Perhaps I should begin by admitting that I haven’t read Douglas Stuart’s 2020 Booker-winning novel Shuggie Bain. It’s a shame really, but I wish to slide the window open and sit down with it soon. When I picked up Young Mungo though, I found myself trapped in a haze. I don’t know exactly if it’s the good kind, or the bad, however, I know it’s something I’d be holed up in for the remaining months of the year.
Young Mungo moves between two timelines. In the opening chapter, two adults take the 15-year-old protagonist on a fishing trip. But it seems as if the teenager isn’t exactly interested in it. Surely, the idea of a weekend away from his family should put a smile on his face. If that’s not the case, what’s he grumbling about then? The bottom line is he’s occupied with heavy thoughts and the narrative structure doesn’t give away anything more than what’s acutely necessary.
Mungo is the youngest amongst his siblings, but what you have to remember here is that there’s not much of an age gap. His sister Jodie and brother Hamish are also teens, albeit with varying degrees of maturity. While Jodie babysits Mungo, Hamish roams around the town with a gang of boys and terrorises his enemies. And their single mother, Maureen, whom the young fellow adores to bits, is sadly an alcoholic. Her addiction is a story of its own that eats into her personality for better or worse. Maureen isn’t known for anything else ––she’s a bad mother who ultimately hates her children. For those who feel hate is a strong word, feel free to replace it with a milder synonym.
Maureen runs away from her home when she finds a man she can lean on, leaving Jodie and Mungo to look after themselves. She returns immediately when her new-found shelter crashes down on her. And yet Mungo makes room for her in his soft heart. Jodie says Maureen doesn’t deserve it, but Mungo is too naïve to get into debates with his sister regarding love and its experiments. You can say there’s a little streak of selfishness in him. He keeps on giving in the hope that he’ll receive it someday. But that’s what love is all about, right? Whether it’s romantic, or familial, you expect it to come back to you in brighter and shinier forms.
I like the relationship that Mungo shares with Jodie. It stands on a platform of mutual appreciation and trust. Jodie tells him all the secrets that she can’t possibly share with Hamish, and Mungo, in turn, dances to her tunes. In a family of four, these two appear to be the closest––it’s a family within a family. Hamish, on the contrary, brings violence with him. He uses his fists to speak a lot. He doesn’t think much before inflicting pain––physical and emotional––upon Mungo. Hamish can be used as a prime example of toxic masculinity that is seen in classrooms and boardrooms alike.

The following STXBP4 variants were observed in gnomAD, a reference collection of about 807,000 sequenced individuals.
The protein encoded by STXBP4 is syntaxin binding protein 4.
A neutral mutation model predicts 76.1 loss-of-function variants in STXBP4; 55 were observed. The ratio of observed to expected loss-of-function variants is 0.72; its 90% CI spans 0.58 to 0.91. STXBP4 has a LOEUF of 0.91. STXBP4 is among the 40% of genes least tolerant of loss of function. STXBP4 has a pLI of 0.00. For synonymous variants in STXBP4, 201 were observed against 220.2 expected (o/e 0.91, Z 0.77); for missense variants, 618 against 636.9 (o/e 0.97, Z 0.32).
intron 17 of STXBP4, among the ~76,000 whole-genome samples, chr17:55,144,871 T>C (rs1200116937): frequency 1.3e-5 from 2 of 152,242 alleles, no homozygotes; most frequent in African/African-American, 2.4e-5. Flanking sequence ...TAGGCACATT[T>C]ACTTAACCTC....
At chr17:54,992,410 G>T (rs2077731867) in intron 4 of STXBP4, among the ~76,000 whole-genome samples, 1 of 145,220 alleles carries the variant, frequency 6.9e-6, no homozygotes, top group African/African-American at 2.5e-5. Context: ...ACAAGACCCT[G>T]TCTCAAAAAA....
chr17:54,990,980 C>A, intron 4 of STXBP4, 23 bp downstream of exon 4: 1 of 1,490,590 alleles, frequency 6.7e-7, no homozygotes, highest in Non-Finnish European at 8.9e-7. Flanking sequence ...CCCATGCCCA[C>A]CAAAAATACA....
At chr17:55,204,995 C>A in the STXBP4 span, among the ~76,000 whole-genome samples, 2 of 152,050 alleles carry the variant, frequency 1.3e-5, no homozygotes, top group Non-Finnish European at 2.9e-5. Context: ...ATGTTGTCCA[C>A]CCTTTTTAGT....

Although there’s so much to bite into, the nucleus of Young Mungo is in the love story that’s built between the youngest sibling and James (a Protestant and a Catholic, respectively). These boys discover romance and pleasure together. They dream about moving away from the unceasing shadows of Glasgow (where the novel is set). But homophobia follows them wherever they extend their arms. It’s within this sphere that Stuart operates. And it transported my mind to Hanya Yanagihara’s A Little Life. If Yanagihara drowns her characters in sexual violence and details the tragedies that envelop them, Stuart swiftly skids along the surface of cruelty. Even so, he brings sadness to the pages.
In a world that’s increasingly splitting on the lines of race, caste, gender, and sexuality, we need these novels now more than ever to help us ponder over what we’re fighting for and what we’re wasting our energy on. Mungo’s gentleness alone isn’t enough to alleviate darkness, but it’s a step in the right direction. It can walk us through the process of healing. I didn’t care for Stuart’s delicate, porcelain-like prose early on, but I was slowly drawn towards it like a moth to a flame, like a millennial to a social media app. Stuart plays with well-rounded emotions and morbidly connects them in intricate ways. And that’s all that matters.
By: Douglas Stuart
Price: Rs 699